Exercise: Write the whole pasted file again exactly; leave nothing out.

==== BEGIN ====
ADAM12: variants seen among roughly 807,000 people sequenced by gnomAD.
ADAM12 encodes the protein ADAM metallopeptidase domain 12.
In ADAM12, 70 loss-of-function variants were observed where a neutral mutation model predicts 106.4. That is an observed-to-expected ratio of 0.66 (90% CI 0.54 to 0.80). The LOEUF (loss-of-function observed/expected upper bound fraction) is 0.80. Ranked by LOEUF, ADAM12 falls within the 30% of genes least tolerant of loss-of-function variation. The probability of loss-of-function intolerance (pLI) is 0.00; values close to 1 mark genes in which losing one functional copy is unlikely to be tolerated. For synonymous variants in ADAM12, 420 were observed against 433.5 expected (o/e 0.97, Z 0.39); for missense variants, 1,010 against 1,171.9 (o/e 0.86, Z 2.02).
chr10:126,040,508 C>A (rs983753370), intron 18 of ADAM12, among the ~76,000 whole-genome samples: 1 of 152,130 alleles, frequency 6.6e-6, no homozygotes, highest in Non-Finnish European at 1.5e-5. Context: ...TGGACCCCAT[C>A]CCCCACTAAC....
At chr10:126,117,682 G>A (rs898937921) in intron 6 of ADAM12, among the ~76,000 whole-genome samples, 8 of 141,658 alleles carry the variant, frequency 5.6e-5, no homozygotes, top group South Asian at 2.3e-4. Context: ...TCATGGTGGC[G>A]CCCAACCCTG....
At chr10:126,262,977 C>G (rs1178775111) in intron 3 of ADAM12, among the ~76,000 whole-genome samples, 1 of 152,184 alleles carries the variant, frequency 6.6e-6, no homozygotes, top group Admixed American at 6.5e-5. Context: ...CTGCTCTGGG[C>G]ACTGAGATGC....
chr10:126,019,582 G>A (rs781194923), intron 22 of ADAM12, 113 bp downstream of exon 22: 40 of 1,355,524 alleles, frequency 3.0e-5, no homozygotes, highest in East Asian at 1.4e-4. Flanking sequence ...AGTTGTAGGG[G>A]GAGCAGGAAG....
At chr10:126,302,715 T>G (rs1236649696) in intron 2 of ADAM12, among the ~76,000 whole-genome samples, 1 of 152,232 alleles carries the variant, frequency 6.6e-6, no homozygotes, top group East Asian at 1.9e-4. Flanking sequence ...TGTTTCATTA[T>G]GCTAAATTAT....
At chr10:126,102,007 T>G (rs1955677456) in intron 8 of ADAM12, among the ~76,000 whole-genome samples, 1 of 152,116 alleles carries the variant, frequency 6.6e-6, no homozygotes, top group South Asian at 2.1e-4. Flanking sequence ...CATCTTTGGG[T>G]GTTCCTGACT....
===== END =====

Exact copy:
ADAM12: variants seen among roughly 807,000 people sequenced by gnomAD.
ADAM12 encodes the protein ADAM metallopeptidase domain 12.
In ADAM12, 70 loss-of-function variants were observed where a neutral mutation model predicts 106.4. That is an observed-to-expected ratio of 0.66 (90% CI 0.54 to 0.80). The LOEUF (loss-of-function observed/expected upper bound fraction) is 0.80. Ranked by LOEUF, ADAM12 falls within the 30% of genes least tolerant of loss-of-function variation. The probability of loss-of-function intolerance (pLI) is 0.00; values close to 1 mark genes in which losing one functional copy is unlikely to be tolerated. For synonymous variants in ADAM12, 420 were observed against 433.5 expected (o/e 0.97, Z 0.39); for missense variants, 1,010 against 1,171.9 (o/e 0.86, Z 2.02).
chr10:126,040,508 C>A (rs983753370), intron 18 of ADAM12, among the ~76,000 whole-genome samples: 1 of 152,130 alleles, frequency 6.6e-6, no homozygotes, highest in Non-Finnish European at 1.5e-5. Context: ...TGGACCCCAT[C>A]CCCCACTAAC....
At chr10:126,117,682 G>A (rs898937921) in intron 6 of ADAM12, among the ~76,000 whole-genome samples, 8 of 141,658 alleles carry the variant, frequency 5.6e-5, no homozygotes, top group South Asian at 2.3e-4. Context: ...TCATGGTGGC[G>A]CCCAACCCTG....
At chr10:126,262,977 C>G (rs1178775111) in intron 3 of ADAM12, among the ~76,000 whole-genome samples, 1 of 152,184 alleles carries the variant, frequency 6.6e-6, no homozygotes, top group Admixed American at 6.5e-5. Context: ...CTGCTCTGGG[C>G]ACTGAGATGC....
chr10:126,019,582 G>A (rs781194923), intron 22 of ADAM12, 113 bp downstream of exon 22: 40 of 1,355,524 alleles, frequency 3.0e-5, no homozygotes, highest in East Asian at 1.4e-4. Flanking sequence ...AGTTGTAGGG[G>A]GAGCAGGAAG....
At chr10:126,302,715 T>G (rs1236649696) in intron 2 of ADAM12, among the ~76,000 whole-genome samples, 1 of 152,232 alleles carries the variant, frequency 6.6e-6, no homozygotes, top group East Asian at 1.9e-4. Flanking sequence ...TGTTTCATTA[T>G]GCTAAATTAT....
At chr10:126,102,007 T>G (rs1955677456) in intron 8 of ADAM12, among the ~76,000 whole-genome samples, 1 of 152,116 alleles carries the variant, frequency 6.6e-6, no homozygotes, top group South Asian at 2.1e-4. Flanking sequence ...CATCTTTGGG[T>G]GTTCCTGACT....